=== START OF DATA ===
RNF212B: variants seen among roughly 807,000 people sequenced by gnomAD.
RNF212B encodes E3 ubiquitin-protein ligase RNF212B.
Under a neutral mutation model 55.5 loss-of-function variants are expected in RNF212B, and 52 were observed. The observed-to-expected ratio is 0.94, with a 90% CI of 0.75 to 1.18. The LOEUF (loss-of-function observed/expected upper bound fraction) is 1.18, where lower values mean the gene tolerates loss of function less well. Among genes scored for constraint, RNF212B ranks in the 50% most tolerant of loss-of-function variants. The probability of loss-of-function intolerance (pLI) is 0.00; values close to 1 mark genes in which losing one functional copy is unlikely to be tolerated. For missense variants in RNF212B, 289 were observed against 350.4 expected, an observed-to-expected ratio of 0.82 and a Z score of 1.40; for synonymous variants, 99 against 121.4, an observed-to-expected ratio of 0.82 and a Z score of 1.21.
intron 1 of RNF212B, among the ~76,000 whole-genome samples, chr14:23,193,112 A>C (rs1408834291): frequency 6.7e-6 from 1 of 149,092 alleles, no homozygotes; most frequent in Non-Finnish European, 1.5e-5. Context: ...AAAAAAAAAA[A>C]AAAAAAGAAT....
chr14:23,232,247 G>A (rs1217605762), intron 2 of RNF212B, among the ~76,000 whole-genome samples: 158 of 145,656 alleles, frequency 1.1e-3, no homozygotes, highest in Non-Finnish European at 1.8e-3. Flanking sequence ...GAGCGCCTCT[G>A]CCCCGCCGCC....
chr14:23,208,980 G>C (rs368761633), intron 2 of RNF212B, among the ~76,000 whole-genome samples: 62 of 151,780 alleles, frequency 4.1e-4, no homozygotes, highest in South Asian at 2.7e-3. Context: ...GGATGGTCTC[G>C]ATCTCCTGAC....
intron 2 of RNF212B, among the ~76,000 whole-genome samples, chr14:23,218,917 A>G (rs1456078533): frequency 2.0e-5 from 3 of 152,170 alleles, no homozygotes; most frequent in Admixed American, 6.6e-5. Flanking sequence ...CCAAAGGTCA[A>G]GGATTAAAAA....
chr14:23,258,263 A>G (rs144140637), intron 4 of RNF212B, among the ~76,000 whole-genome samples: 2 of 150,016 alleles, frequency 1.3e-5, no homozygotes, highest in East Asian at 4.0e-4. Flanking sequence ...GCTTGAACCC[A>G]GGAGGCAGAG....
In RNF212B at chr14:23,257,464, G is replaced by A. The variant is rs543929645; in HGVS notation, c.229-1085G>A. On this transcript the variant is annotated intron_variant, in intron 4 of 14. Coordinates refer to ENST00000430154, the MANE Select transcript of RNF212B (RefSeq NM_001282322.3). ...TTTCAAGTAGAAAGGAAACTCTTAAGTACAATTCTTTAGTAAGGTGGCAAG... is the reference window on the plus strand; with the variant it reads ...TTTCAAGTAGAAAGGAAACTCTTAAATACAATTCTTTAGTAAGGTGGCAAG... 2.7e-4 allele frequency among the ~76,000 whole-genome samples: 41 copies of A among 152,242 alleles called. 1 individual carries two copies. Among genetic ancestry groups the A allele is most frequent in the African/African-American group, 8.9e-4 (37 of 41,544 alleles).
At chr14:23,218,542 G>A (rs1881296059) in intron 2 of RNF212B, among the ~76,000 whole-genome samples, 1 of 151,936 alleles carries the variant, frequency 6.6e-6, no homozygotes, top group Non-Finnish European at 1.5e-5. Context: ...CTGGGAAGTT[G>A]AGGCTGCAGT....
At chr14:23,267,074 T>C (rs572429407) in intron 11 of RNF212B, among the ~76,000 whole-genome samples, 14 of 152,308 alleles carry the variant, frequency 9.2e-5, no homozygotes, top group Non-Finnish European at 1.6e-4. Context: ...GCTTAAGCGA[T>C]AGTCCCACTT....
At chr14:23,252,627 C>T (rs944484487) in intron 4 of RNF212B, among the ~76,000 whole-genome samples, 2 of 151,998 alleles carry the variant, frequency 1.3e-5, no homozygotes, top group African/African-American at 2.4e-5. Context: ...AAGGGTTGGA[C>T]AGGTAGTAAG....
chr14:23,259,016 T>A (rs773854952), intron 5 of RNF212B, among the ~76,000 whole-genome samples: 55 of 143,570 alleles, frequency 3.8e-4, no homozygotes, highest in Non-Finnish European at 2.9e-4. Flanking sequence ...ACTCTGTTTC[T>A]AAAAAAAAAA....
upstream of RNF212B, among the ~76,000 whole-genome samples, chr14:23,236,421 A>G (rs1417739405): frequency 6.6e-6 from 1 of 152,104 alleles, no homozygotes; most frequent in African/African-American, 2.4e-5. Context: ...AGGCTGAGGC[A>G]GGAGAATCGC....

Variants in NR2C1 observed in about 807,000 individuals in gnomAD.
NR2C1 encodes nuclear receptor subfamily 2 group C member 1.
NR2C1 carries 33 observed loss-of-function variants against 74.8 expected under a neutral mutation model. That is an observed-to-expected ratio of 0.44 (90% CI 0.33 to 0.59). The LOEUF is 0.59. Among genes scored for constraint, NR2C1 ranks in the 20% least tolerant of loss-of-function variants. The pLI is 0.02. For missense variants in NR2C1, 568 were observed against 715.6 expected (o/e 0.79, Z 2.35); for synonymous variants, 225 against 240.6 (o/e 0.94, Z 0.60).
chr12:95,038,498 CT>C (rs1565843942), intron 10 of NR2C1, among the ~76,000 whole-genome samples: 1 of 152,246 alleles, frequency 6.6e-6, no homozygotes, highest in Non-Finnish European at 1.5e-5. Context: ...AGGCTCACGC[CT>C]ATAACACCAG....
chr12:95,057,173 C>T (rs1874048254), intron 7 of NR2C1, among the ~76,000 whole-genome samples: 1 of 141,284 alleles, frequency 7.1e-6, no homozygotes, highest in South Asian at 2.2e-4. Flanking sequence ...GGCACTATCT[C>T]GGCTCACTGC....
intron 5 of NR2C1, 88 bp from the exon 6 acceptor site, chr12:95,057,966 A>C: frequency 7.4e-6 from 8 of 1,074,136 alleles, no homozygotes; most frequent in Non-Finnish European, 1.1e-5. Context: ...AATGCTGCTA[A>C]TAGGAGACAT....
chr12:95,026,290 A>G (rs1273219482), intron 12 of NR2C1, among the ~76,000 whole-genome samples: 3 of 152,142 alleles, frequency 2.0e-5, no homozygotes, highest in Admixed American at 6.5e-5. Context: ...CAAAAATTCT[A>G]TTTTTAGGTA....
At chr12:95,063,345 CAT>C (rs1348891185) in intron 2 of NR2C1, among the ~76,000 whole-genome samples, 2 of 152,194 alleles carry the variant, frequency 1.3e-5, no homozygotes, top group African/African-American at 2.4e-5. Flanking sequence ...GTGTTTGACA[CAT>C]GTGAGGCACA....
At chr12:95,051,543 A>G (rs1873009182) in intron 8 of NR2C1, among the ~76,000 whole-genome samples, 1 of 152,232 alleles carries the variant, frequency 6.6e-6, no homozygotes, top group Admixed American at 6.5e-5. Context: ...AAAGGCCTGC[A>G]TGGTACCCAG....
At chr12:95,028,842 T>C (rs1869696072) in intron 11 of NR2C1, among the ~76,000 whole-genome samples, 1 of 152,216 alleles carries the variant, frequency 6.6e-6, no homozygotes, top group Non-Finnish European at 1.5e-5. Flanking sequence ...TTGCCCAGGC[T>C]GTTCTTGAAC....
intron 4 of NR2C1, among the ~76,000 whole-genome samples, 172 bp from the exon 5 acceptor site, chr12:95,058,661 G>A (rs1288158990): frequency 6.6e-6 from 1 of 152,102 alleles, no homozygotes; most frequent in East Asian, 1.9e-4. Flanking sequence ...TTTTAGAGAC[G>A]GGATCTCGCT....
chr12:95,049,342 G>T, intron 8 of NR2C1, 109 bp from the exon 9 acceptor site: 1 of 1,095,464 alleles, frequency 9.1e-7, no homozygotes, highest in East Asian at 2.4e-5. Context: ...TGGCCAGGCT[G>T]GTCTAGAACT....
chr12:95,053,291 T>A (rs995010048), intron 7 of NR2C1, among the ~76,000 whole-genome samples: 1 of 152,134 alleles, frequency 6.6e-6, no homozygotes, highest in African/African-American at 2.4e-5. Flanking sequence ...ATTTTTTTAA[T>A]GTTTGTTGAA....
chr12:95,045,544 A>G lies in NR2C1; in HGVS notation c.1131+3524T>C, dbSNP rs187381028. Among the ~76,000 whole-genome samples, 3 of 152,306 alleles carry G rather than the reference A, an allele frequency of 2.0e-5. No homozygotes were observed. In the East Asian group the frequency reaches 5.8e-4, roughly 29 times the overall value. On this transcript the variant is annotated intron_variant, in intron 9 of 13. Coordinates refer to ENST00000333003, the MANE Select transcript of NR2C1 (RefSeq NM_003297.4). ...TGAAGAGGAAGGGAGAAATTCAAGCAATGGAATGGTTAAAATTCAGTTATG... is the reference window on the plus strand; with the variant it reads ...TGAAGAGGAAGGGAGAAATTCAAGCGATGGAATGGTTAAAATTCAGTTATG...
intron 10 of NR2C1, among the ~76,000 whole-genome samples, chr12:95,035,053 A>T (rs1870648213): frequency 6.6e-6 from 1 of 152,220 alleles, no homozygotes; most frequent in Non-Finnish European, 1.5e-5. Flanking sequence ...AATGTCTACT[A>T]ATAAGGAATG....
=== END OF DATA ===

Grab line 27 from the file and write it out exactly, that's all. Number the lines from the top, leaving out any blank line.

chr12:95,053,291 T>A (rs995010048), intron 7 of NR2C1, among the ~76,000 whole-genome samples: 1 of 152,134 alleles, frequency 6.6e-6, no homozygotes, highest in African/African-American at 2.4e-5. Flanking sequence ...ATTTTTTTAA[T>A]GTTTGTTGAA....